HEFFNER: Of course I am. I always am.

BROWN: It isn’t necessary because all an advertiser cares about is whether your magazine sells. You deliver him a certain number of thousand people as so much per thousand. It’s a good buy. He doesn’t even particularly care what’s in the magazine as long as it’s compatible with what he is selling. He’s got nothing to do with your editorial package. But if you’re delivering the customers to him, and he likes the looks of the magazine, he will go along with that.
So what is incumbent upon you to do is to keep the customers coming to the newsstand and buying the magazine or subscribing. How do you do that? It’s by having a good product and keeping it fresh and frisky and alive and changing. And how do you do that? I change through the years. We used to have ten page articles. They’re now down to eight, down to six; I don’t have anything longer than four pages because people’s attention span is shorter. So that’s a major change. I’ve cut down on fiction. We used to have two short stories and a complete novel. We now have a complete novel every other month and one short story. I’ve tried to track what’s going on, of course, with young Cosmo women. What do they want? Oh Lord, they still want to get married. But they may be the ones who are not committing because they know that domesticity and motherhood won’t interfere with a man’s career, it may interfere with their career. So they may be the ones who aren’t making a commitment. All those things I’m keeping track of and trying to be on the cutting edge and what means something to her.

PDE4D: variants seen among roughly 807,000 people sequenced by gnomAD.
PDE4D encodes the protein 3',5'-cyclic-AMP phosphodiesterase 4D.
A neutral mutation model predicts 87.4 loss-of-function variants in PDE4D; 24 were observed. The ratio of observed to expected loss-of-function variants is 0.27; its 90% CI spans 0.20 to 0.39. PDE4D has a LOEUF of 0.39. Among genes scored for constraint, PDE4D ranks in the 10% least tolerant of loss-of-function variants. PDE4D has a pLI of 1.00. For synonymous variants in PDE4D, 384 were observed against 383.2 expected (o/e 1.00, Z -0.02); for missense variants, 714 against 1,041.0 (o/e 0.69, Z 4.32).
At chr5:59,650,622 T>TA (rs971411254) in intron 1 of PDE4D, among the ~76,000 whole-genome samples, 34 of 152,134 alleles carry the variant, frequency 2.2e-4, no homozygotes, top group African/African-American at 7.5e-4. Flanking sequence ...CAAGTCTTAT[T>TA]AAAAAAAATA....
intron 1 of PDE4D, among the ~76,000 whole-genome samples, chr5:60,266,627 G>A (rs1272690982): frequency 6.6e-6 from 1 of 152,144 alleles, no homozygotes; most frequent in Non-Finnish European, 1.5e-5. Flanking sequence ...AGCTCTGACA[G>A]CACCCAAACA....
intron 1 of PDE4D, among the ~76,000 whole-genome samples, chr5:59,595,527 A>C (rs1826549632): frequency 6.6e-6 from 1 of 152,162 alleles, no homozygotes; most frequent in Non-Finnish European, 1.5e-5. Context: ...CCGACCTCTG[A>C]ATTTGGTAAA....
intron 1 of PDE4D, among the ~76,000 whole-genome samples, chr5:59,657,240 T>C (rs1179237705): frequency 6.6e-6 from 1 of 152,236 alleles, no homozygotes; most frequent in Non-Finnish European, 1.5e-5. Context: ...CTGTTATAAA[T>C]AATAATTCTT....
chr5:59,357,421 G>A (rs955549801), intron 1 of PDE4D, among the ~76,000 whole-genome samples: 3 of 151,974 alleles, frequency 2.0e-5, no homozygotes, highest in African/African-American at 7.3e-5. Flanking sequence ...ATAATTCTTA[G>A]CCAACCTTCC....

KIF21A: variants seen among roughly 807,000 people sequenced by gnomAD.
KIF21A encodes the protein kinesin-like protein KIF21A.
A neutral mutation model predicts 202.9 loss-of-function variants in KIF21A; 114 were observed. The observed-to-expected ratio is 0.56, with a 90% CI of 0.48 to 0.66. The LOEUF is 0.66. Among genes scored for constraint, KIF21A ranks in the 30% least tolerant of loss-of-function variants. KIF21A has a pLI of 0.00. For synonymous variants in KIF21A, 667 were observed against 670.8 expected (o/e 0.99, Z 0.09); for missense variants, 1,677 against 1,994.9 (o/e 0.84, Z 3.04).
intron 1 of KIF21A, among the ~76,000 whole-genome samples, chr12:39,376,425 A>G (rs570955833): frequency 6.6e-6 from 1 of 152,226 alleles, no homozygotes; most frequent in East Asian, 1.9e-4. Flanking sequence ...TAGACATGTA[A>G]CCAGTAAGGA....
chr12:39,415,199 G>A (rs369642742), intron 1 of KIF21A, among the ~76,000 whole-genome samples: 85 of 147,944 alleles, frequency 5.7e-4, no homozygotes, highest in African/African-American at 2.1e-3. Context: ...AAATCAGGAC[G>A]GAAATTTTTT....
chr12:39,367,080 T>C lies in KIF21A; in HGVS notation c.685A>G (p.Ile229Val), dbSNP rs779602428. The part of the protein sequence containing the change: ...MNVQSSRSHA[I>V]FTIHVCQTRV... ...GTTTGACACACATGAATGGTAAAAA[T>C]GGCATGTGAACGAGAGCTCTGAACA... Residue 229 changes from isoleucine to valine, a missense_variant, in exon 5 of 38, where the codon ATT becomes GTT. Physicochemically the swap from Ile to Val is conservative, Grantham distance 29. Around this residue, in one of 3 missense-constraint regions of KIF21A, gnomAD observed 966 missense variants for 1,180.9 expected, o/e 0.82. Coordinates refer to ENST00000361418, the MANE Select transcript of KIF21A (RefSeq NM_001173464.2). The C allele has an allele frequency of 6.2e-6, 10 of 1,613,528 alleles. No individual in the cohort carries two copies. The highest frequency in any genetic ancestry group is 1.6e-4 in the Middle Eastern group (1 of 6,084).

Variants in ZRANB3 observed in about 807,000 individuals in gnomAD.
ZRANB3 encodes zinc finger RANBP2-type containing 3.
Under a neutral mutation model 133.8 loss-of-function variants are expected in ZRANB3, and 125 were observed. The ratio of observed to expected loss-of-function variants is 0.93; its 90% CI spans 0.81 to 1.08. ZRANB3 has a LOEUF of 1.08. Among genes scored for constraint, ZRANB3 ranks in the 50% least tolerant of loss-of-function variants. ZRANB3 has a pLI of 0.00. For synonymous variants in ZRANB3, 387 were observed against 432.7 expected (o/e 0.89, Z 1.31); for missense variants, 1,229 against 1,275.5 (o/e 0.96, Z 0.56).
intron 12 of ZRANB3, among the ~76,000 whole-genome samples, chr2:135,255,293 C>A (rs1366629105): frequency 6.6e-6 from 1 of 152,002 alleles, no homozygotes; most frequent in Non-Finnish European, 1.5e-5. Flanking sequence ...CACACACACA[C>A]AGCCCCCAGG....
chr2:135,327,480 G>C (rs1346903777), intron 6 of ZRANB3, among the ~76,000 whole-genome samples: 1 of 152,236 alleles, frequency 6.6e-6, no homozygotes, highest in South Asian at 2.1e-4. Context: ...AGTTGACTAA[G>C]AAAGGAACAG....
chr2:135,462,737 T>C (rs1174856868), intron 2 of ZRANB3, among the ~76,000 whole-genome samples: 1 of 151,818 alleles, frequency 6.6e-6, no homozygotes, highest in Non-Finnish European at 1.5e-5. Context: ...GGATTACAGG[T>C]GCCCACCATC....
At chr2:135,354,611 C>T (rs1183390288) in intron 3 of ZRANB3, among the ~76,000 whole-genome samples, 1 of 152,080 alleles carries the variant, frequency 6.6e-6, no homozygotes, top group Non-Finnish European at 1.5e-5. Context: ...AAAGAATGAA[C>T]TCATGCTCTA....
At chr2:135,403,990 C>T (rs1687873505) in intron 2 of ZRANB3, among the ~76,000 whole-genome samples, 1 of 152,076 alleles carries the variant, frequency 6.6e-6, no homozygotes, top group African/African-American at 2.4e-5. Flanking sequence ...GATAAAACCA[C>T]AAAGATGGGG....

HEFFNER: We only have a few minutes left and I’m torn between asking you whether when you talk about delivering the readers whether you’re not talking about delivering the readers who are going to buy the advertiser’s product. And isn’t that the key thing? And if we’re living in a recession period now, they may read Helen Gurley Brown’s product but will they buy his or her, your advertiser’s product?

BROWN: Yes, yes, yes, because if they are paying two dollars and fifty cents to buy a magazine, that’s not nothing. It used to be thirty-five cents, then it was a buck. Two-fifty. If they’re plunking down the money to buy a magazine, they’re also plunking down the money to buy the perfume, the gloss, the eyeliner, the camera, the car, the liquor, the cigarettes that you’re advertising inside those pages. If you can get the reader, the reader will buy whatever is being advertised I guarantee.

HEFFNER: Do you know this is a Monday in which we are taping this show? This isn’t Thursday when you go out, as you said, ‘mother’ joins the group and sells the advertisers. It’s a great statement. And I tend to have to believe you because I always have to believe you Helen Gurley Brown. But I have a suspicion that the recession that we are in to now may not lead them not only to plunk down two-fifty for the magazine, but to plunk down the fifteen dollars for this or that, or the twenty dollars for something else.